What started as a well thought thought and a scripted event has turned out to be the most unpredicted one, to the predicament of Lalit modi. Heads had started rolling in the previous year with Kunal dasgupta who was part of the initial ensemble cast of the IPL saga leaving MSM. But like there was a lull before the storm and then all of a sudden it was IPL making more headlines than any other national news. Controversy after controversy appeared with an unperplexed Lalit modi at the centre of it all. Surprisingly IPL has made more headlines than India's recent string of losses at the hands of Zimbabwe. Looks like cricket on the fields stands no chance of competing with the one being played off it.

But there are still so many questions no one can answer, some obvious ones being what would be the fate of Lalit modi, or what about the future of IPL. But one thing for sure, all this has undermined the strong foundations cricket once held in my country and the popular belief rich always get away.

Thursday, June 3, 2010

It's all in the (Sur)name.

Knowing me many of my friends might be surprised that i wrote this, some might be shocked and many would surely frown upon this post. But i have been waiting for a long time to write this article. Finally the moment came when i was sitting in this office and this guy came to me (Better to keep the details anonymous). He asked me my name, i gave my first name and he asked me for my surname. As i told him my surname, a smile appeared on his face, and he was very happy to know i was a jatt. By this point i also came to know he was jatt too so a new conversation starting about our villages and from where my folks came from. Nothing striking came to my mind at that time, but it was when he left, it came to my mind, would i have been treated the same way if i was not a jatt, or say a dalit or a SC.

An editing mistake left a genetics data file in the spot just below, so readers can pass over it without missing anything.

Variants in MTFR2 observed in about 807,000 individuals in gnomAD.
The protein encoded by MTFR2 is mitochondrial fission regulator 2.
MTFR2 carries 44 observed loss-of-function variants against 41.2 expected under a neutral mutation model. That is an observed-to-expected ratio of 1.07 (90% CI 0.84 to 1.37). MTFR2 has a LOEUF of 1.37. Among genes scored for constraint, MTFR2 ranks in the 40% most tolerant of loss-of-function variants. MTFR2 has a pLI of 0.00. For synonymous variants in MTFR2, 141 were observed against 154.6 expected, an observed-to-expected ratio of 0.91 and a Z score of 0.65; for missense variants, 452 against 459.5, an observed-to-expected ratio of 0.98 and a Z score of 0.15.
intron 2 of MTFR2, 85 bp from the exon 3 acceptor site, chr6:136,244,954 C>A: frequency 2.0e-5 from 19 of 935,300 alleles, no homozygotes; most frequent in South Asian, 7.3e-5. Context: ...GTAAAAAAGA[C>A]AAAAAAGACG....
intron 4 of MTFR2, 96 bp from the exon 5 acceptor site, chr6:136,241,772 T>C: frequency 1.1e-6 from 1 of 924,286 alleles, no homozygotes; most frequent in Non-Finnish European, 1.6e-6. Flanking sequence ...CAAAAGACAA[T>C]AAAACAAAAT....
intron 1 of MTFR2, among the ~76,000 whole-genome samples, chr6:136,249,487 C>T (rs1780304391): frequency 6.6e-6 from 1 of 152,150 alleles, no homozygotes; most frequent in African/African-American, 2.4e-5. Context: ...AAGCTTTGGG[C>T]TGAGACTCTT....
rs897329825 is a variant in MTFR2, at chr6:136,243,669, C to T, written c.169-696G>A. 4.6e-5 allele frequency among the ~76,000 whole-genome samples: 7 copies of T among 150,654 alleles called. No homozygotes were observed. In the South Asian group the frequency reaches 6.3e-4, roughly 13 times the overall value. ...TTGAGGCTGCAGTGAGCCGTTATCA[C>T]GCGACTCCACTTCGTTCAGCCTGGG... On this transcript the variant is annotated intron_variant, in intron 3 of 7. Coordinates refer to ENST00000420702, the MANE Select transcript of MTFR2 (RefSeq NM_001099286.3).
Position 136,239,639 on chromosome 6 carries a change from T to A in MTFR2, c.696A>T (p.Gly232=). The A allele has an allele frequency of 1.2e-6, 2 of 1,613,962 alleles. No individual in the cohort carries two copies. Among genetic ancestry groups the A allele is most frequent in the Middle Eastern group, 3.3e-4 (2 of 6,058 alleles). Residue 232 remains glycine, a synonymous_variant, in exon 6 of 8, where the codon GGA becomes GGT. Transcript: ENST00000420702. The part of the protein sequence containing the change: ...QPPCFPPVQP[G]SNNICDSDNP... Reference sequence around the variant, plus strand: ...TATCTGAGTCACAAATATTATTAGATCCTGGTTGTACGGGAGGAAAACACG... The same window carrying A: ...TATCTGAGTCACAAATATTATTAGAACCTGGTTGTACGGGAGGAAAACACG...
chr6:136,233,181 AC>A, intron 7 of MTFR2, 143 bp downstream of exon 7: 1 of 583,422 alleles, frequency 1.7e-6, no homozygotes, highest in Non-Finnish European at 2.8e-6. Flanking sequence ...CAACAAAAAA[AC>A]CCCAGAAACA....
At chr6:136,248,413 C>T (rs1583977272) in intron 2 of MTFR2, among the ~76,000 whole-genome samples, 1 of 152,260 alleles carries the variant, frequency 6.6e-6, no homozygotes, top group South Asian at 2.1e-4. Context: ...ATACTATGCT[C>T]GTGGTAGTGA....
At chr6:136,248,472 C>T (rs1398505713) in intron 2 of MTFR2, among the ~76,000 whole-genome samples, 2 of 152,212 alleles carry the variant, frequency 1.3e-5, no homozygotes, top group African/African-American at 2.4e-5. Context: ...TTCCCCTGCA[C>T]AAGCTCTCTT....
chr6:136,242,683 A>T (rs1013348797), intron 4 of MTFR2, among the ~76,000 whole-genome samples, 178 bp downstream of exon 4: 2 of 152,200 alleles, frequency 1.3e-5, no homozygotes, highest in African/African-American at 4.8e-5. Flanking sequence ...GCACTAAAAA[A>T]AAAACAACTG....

India as we all know is a very diverse country in every aspect. Religion is the most sensitive issue here and maybe followed by language conflicts. If we see the conflicts

there are

Hindus vs Muslims, Hindus vs Sikhs, Hindus vs Christians(Down south)

Sikhs vs dalit Sikhs, Hindus vs Dalit hindus, Dalits of one cast vs Dalits of other casts and many more my mind ran out of count.

In the midst of all these, Indian government is trying to resolve differences by introducing caste based bills, enhancing quotas based on castes and encouraging people to know each other's castes (census issue).

We live in such an environment today that caste should have been the least important of issues when we have Maoist terrorism, Pakistan sponsored terrorism, internal security problems(so called hindu terrorism), farmer suicides, famines, floods, illiteracy and many more problems up our sleeves. We have advanced to the 21st century and going towards space age but still the social stigma attached to being a dalit or a muslim still continues.